DENVER- November 12, 2012 – A just-released study by researchers at Johns Hopkins Medicine shows that when overweight or obese people lose weight, such as with the Atkins Diet™, they can have a significant reduction in inflammation (a key marker for heart disease) throughout their body, as measured by three common markers. The study also showed that those that followed a low-carb diet lost more weight than those following a low-fat diet, in fact 10 lbs. more overall, and the low-carb group lost more abdominal fat overall. Results of the study were presented on November 5, 2012 at the American Heart Association Scientific Sessions.
“There continue to be misperceptions about the Atkins Diet and many continue to think it is not a heart-healthy diet plan. This is not the case. This is the first study of this scope that demonstrates a significant drop in the levels of all three measures of inflammation for those that lost weight and abdominal fat, with those following the Atkins Diet losing more weight and belly fat,” said Colette Heimowitz, vice president of nutrition and education for Atkins Nutritionals, Inc. “This study is further evidence that the Atkins Diet is a safe and sustainable way to eat for life.”
The Johns Hopkins study examined overweight or obese but otherwise healthy individuals between the ages of 30 and 65 years over a six-month period. One group was randomly assigned a low-carbohydrate diet
and the other a low-fat diet. Exercise was included for all participants and inflammation was checked before and after six months. The low-carb group followed the Atkins Diet with initially, 15%, 30%, and 55% of calories coming from carbohydrates (CHO), protein, and fat. There was a gradual shift to a balance of 40%, 20%, and 40% of calories from CHO, protein, and fat. The low-fat diet followers had 30% of calories coming from fat, 50-55% from CHO, and 15-20% from protein.
At his presentation at the AHA meeting, lead investigator Kerry Stewart, Ed.D. said that the findings indicated that people can reduce systemic inflammation, and possibly lower their risk of heart disease, no matter which diet they choose—either low-carb or low-fat. Dr. Stewart is a professor of medicine at the Johns Hopkins University School of Medicine and director of clinical and research exercise physiology. His study indicated that the important factor is how much weight you lose—especially belly fat. Those in the study that followed the Atkins low-carb
diet lost more abdominal fat overall.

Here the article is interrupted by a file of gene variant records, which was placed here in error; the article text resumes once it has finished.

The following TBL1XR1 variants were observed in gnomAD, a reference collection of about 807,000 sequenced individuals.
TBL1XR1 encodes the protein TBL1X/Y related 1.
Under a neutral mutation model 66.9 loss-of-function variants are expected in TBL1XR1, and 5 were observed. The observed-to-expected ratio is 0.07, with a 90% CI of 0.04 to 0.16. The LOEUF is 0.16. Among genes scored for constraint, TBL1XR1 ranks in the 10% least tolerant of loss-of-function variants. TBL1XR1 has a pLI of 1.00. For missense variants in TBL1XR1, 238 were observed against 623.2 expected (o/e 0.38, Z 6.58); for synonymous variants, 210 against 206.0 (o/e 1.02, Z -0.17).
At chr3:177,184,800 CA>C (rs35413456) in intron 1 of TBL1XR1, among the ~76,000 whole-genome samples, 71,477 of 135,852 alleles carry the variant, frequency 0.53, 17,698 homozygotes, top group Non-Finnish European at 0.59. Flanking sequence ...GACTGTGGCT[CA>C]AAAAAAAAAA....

According to the findings, the participants on the low-carb diet lost more weight, on average, than those on the low-fat diet—28 pounds versus 18 pounds. The low-carb diet group also had a greater drop in BMI (4.7 versus 2.9), and a greater drop in belly fat (14.3 versus 8.4 pounds). The level of aerobic fitness increased in both groups by about 20 percent.
The researchers measured the participants’ blood levels for three common markers of inflammation at the beginning and end of the study. They also measured body weight, body mass index (BMI) and total body and belly fat. At the start, both groups were similar in the various measures, including elevated levels of inflammation markers.
The study was funded by the National Heart Lung and Blood Institute (NHLBI), part of the National Institutes of Health.
About Atkins Nutritionals, Inc.
Atkins Nutritionals, Inc. is a leader in the $2.4 billion weight control nutrition category, and offers a powerful lifetime approach to weight loss and management. The Atkins Diet focuses on a healthy diet with reduced levels of refined carbohydrates and added sugars and encourages the consumption of protein, fiber, fruits, vegetables and good fats. Backed by research and consumer success stories, this approach allows the body to burn more fat and work more efficiently while helping individuals feel less hungry, more satisfied and more energetic.
Atkins Nutritionals, Inc., manufactures and sells a variety of nutrition bars and shakes designed around the nutritional principles of the Atkins Diet™. Atkins' four product lines: Advantage®, Day Break™, Endulge™ and Cuisine™ appeal to a broad audience of both men and women who want to achieve their weight management goals and enjoy a healthier lifestyle. Atkins products are available online at atkins.com and in more than 30,000 locations throughout the U.S. and internationally. For more information, visit atkins.com.